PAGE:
Where else are business executives watching videos? Perhaps it isn’t surprising to find out that the place they watch videos most often isn’t YouTube but on business-related websites. Nevertheless, more than half of the executives are spending time on YouTube watching video related to their job.

What This Means for Marketers

In case you’re a little slow to catch on, what all of this means for marketers is that online video is poised to explode in 2011. No longer the domain of college kids and home videos, social media marketing with video on YouTube, Facebook, and elsewhere is reaching everyone, even the most powerful people in business.

Marketers can no longer afford to avoid video, any more than they can avoid having a website or a Facebook page. As technology continues to progress, business executives are going to be shouting “Buy!” and “Sell!” based on an online video they saw. They’re going to show colleagues and clients videos on their iPhone on the golf green. They’re going to pull out their laptop in the conference room and show an online video at one of their infernal meetings. In the airport, on the subway, in the back seat of their limousine, business executives are going to be consuming more online video than ever before, and they’re going to use what they see to guide their corporation’s business decisions.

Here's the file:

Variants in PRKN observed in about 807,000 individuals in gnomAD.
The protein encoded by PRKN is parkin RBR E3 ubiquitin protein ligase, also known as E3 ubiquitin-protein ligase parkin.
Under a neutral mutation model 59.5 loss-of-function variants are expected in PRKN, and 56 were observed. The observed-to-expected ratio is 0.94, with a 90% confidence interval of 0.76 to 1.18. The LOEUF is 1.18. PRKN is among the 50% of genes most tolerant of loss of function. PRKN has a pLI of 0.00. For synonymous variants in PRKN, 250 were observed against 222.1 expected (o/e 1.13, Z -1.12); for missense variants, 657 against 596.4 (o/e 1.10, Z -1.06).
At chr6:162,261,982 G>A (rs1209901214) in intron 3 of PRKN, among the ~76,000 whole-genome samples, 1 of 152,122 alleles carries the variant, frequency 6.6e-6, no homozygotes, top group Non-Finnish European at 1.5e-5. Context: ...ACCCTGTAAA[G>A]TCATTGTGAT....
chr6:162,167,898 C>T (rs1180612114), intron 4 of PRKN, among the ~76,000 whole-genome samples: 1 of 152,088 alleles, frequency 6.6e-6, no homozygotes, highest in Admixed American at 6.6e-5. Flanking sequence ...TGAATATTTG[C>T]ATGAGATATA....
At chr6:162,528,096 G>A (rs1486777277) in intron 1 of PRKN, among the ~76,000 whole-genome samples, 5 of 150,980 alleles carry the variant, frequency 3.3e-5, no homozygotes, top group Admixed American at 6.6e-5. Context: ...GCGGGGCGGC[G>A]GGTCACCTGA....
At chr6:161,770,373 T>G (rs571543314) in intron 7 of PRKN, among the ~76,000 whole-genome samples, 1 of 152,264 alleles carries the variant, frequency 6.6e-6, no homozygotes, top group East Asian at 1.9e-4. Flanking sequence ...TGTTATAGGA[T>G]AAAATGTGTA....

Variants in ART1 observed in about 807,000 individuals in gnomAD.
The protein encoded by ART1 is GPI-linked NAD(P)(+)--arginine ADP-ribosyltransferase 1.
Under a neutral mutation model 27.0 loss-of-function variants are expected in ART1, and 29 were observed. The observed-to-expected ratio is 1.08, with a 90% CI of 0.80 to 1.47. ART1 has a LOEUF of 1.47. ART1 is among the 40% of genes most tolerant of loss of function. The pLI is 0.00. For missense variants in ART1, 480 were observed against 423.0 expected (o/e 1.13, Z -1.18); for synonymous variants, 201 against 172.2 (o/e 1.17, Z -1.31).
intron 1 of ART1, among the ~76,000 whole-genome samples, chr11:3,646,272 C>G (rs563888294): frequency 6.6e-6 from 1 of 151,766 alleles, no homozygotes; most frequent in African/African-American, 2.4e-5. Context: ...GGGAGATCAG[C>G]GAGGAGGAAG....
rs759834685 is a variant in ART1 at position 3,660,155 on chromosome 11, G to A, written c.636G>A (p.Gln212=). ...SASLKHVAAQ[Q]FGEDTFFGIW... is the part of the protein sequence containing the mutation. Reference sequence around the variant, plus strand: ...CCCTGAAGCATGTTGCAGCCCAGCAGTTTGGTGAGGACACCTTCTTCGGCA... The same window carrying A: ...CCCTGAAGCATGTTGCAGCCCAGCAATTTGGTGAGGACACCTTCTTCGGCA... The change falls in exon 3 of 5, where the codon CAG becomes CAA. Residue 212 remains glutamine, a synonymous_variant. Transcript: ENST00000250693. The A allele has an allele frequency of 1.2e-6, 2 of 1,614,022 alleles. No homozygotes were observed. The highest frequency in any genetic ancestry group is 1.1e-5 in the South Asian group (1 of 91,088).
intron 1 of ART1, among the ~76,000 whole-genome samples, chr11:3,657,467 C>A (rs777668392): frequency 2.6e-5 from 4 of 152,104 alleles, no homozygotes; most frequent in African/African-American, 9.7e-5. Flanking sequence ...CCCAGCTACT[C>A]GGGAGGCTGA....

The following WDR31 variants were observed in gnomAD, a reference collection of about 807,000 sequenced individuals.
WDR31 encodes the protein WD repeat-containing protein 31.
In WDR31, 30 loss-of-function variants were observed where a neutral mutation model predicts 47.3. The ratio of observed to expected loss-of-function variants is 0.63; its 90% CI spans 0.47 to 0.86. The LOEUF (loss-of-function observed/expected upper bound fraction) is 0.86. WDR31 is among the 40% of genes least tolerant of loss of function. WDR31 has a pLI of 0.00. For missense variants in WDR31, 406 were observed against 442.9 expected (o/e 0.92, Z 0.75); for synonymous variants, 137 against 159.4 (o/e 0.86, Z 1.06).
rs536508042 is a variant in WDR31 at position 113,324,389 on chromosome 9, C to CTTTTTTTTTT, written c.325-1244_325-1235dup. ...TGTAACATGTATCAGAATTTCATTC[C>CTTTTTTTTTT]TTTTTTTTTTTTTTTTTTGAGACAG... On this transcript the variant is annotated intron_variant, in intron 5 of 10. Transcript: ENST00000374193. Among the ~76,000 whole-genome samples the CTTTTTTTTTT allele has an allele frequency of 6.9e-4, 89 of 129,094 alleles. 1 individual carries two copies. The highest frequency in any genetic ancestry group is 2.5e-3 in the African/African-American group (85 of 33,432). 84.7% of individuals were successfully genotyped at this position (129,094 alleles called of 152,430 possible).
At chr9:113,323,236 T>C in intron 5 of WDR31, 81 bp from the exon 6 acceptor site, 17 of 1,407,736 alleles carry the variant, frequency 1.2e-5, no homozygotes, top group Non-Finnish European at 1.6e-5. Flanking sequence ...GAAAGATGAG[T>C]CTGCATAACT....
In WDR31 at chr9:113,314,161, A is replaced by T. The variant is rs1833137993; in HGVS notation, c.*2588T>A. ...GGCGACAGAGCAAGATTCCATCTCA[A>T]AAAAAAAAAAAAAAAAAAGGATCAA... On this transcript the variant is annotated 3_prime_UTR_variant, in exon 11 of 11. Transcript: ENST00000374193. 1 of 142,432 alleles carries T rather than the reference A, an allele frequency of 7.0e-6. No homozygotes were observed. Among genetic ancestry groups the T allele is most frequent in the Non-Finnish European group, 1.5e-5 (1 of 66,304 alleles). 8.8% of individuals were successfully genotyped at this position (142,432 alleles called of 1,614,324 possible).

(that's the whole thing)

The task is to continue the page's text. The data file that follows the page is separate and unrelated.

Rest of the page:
Random Acts of Progress

Study Indicates Social Media Pays

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New Study Indicates Social Media Pays; Wetpaint and Altimeter Group Find Correlation Between Brands’ Social Media Efforts and Financial Performance